Sunday, October 25, 2009

What's best and worst?

A few years ago I would tell people that the best and worst thing about America was the 99 cent Whopper. There was a time when Burger King sold its Whopper hamburger for less than one dollar.

For me, this was awesome. There was no way I could go to the store and buy ground beef and a tomato and lettuce and hamburger buns, an onion, mayo, and make my own hamburger at home for anywhere near this price. Sure, I would have enough ingredients for 5 or 6 Whoppers, but the total cost including labor for cooking and storage and clean-up would push itself up into real money.

So, yes, it was great that I could get a Whopper for a buck. But that also meant that the wholesale costs for these ingredients needed to be kept low. And that meant that beef needed to be produced at such a scale that it was virtually free. Which meant cows were probably not going to like their new job descriptions.

Labor also had to be cheap. A corporation can't afford to pay someone twelve dollars an hour to do a five-dollar-an-hour job. I would guess tasks are simplified and turnover is high.

Some of you might say that companies always offer "loss leaders." Yes, but this is Burger King's signature menu item. It's like if Coke sold regular Coke for $1 a six-pack while charging $3 for Diet Coke. People would stop drinking Diet Coke and switch to regular or Diet Pepsi or something else. You can't subsidize the $1 Whopper with a $5 chicken sandwich.

Which brings me to libraries. And privatization.

I work in a public library. But you know that. We're friends. I've been to your house numerous times. You set me up with your sister; she's very sweet, but it didn't work out. What do you mean, did I sleep with her?

Libraries are essentially a Charity. Like roads, law enforcement, hospitals, support for the needy, and education, Libraries are a form of relief, but for the poor and the ignorant. You already know the spiel: libraries exist to the betterment of society; you can judge the advancement of a culture by its support for libraries; blah, blah, blah.

But like other charities, Libraries are being viewed as an outdated waste of money. Like NASA. "Why do we keep flying around in space wasting money?" the people ask. "Because we have rockets," NASA replies, "and if you don't let us use them for dumb stuff like flying to the moon, we might just fly them right into your house when you're on the toilet."

But Libraries don't have rockets. And libraries don't have sick or poor or dangerous people that we can parade in front of the media to guilt or scare people into giving us money.

So some people want to privatize libraries, to turn libraries, essentially Charities, into profit-making schemes. With investors and overhead. Yes, using cost-incentive business models will drive down prices and allow libraries to be run more cheaply, but what about The Whopper?

Burger King's business decisions are market-driven, with costs and profits rising or falling based on supply and demand. But more so, that five-dollar-an-hour job is always a five-dollar-an-hour job; it doesn't get more complex the longer someone does it. The goal is to work your way up the ladder to a better job.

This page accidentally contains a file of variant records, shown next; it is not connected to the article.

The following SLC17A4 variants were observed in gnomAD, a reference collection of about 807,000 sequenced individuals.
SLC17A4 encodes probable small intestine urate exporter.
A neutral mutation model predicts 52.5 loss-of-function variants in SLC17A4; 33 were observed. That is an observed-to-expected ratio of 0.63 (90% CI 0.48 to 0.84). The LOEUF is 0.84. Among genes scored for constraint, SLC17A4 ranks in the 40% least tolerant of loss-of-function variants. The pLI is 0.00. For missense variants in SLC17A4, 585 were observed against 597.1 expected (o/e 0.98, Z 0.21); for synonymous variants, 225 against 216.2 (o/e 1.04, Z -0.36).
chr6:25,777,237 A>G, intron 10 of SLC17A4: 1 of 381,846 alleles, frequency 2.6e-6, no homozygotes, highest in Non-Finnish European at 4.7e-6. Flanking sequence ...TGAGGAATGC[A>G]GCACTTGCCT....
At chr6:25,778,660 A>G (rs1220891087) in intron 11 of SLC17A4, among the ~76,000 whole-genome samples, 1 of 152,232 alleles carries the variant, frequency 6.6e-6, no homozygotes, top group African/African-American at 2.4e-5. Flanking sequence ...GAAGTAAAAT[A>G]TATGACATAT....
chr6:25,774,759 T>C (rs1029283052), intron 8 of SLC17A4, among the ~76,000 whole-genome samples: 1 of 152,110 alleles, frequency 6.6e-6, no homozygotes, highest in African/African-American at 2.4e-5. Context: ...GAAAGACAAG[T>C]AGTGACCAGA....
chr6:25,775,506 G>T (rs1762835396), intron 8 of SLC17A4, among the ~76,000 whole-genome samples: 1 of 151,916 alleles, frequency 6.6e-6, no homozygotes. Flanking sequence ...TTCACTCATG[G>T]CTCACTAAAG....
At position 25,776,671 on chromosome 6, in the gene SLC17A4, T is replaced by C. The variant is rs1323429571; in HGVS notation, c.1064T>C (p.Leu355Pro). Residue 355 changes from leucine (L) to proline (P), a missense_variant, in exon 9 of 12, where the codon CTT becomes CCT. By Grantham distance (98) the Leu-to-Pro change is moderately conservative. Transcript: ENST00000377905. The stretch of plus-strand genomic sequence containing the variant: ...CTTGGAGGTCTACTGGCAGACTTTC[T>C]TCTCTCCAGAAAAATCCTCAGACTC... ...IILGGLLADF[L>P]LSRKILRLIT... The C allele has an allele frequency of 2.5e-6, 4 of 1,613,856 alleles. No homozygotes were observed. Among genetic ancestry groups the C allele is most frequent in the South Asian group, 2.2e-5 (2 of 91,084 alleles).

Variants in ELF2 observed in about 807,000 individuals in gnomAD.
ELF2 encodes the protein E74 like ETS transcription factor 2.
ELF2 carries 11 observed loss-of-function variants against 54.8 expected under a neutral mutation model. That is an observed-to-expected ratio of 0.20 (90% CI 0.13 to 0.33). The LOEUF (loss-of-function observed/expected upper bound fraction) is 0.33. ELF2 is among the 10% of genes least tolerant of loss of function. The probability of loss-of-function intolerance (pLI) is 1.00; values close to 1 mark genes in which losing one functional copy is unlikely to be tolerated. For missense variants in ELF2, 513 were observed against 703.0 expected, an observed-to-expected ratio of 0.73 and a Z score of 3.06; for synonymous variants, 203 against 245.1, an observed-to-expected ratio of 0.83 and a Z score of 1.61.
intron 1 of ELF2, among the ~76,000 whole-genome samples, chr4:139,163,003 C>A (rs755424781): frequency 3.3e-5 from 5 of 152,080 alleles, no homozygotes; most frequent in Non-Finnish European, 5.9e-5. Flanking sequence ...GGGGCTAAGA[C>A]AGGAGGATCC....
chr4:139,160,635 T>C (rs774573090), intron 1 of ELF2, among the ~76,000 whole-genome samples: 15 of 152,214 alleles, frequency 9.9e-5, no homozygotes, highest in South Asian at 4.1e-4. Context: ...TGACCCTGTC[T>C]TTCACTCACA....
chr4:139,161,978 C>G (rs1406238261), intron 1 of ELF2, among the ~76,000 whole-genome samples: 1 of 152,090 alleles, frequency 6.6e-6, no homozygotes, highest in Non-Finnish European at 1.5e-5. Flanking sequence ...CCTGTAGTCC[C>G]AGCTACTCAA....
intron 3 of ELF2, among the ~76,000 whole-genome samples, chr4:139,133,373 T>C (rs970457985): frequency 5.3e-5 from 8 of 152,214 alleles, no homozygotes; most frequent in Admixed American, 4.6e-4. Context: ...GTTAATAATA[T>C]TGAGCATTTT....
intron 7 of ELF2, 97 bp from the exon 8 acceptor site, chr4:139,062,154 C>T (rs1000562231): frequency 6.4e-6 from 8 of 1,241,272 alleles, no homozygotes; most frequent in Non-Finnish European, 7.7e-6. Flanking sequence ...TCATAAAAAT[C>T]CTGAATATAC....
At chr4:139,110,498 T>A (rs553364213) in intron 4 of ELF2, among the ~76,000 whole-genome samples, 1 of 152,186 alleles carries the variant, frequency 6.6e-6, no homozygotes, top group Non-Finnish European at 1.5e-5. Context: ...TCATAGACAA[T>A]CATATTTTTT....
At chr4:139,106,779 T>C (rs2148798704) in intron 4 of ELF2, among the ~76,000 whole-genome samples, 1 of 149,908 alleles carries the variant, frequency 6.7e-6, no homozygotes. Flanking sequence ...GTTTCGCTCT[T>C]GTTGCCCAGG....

But the job of librarian is already the top of the library ladder. You can become a manager, but you're still a librarian. The job gets more and more complex, and your ability to help gets greater as you gain experience.

It's the same Whopper, but it's not the same Whopper because the world that exists to make that Whopper is changed. Beef processing, tomato and growing and storage changes. Supposedly, it is impossible now to identify or isolate fewer than 1,000 cows per one pound of ground beef because the process has changed that drastically. That's why you hear that some company had to recall 50,000 pounds of problem beef; no one knows where the problem started.

And now tomatoes and lettuce carry life-threatening salmonella because of similar changes in farming. Did a tomato ever kill anyone twenty years ago? (Yes, yes it did.)

So it's the same Librarian, but it's not the same Librarian. What happens when you try to cut costs to produce a Librarian? I don't know. It hasn't happened yet.

Will librarians have the skills they need to help people or will they just post funny tidbits on Twitter and boast that they have a thousand followers. If anyone hasn't said it yet, then let's drag Andy Warhol into the 21st century and say, "In the future, everyone will have fifteen-hundred followers."

So when someone mentions privatizing libraries, I wonder how charitable I'll feel I can be with my patrons when my new boss wants to pay me half of what I make now. Like yesterday when I did a $25 (estimated market value) edit job on some guy's resume, cleaned up all the white space and got it down to two pages (total time: 4 minutes). But I probably won't have any choice in that future library because time is money and the definition of Help will change to accommodate the new standards.

I wonder if in the future when libraries become Burger Kings, will there will also be Morton's Steakhouse libraries where the service is better and the customer's tip handsomely? There'd better be. Because I'm not working the drive-thru.